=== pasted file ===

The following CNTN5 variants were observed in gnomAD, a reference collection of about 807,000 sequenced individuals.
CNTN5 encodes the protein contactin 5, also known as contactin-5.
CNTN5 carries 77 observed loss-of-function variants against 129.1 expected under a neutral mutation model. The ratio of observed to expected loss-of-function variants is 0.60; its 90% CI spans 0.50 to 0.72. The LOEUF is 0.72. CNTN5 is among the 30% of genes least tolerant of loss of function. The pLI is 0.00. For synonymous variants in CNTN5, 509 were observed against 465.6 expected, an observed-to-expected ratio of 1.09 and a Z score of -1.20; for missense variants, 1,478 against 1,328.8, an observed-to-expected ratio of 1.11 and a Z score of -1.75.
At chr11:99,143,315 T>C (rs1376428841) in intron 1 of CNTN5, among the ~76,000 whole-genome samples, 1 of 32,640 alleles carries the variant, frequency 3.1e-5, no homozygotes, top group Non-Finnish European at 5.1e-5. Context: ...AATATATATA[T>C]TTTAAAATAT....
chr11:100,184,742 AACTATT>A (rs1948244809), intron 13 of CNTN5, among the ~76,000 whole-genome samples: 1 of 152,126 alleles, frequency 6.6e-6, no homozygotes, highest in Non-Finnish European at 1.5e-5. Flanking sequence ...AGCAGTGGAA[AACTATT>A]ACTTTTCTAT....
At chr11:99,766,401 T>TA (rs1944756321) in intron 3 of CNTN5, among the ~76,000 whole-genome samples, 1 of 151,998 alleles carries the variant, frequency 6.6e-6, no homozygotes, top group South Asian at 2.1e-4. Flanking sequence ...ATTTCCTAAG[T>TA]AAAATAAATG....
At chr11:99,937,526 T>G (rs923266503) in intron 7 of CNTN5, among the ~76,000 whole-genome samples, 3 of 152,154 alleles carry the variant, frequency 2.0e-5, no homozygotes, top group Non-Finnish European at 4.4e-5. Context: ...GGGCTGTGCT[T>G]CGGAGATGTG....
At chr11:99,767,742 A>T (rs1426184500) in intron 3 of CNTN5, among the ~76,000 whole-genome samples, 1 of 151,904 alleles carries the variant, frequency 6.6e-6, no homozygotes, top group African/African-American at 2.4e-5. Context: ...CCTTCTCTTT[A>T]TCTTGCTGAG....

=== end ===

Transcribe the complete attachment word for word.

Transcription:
The following CNTN5 variants were observed in gnomAD, a reference collection of about 807,000 sequenced individuals.
CNTN5 encodes the protein contactin 5, also known as contactin-5.
CNTN5 carries 77 observed loss-of-function variants against 129.1 expected under a neutral mutation model. The ratio of observed to expected loss-of-function variants is 0.60; its 90% CI spans 0.50 to 0.72. The LOEUF is 0.72. CNTN5 is among the 30% of genes least tolerant of loss of function. The pLI is 0.00. For synonymous variants in CNTN5, 509 were observed against 465.6 expected, an observed-to-expected ratio of 1.09 and a Z score of -1.20; for missense variants, 1,478 against 1,328.8, an observed-to-expected ratio of 1.11 and a Z score of -1.75.
At chr11:99,143,315 T>C (rs1376428841) in intron 1 of CNTN5, among the ~76,000 whole-genome samples, 1 of 32,640 alleles carries the variant, frequency 3.1e-5, no homozygotes, top group Non-Finnish European at 5.1e-5. Context: ...AATATATATA[T>C]TTTAAAATAT....
chr11:100,184,742 AACTATT>A (rs1948244809), intron 13 of CNTN5, among the ~76,000 whole-genome samples: 1 of 152,126 alleles, frequency 6.6e-6, no homozygotes, highest in Non-Finnish European at 1.5e-5. Flanking sequence ...AGCAGTGGAA[AACTATT>A]ACTTTTCTAT....
At chr11:99,766,401 T>TA (rs1944756321) in intron 3 of CNTN5, among the ~76,000 whole-genome samples, 1 of 151,998 alleles carries the variant, frequency 6.6e-6, no homozygotes, top group South Asian at 2.1e-4. Flanking sequence ...ATTTCCTAAG[T>TA]AAAATAAATG....
At chr11:99,937,526 T>G (rs923266503) in intron 7 of CNTN5, among the ~76,000 whole-genome samples, 3 of 152,154 alleles carry the variant, frequency 2.0e-5, no homozygotes, top group Non-Finnish European at 4.4e-5. Context: ...GGGCTGTGCT[T>G]CGGAGATGTG....
At chr11:99,767,742 A>T (rs1426184500) in intron 3 of CNTN5, among the ~76,000 whole-genome samples, 1 of 151,904 alleles carries the variant, frequency 6.6e-6, no homozygotes, top group African/African-American at 2.4e-5. Context: ...CCTTCTCTTT[A>T]TCTTGCTGAG....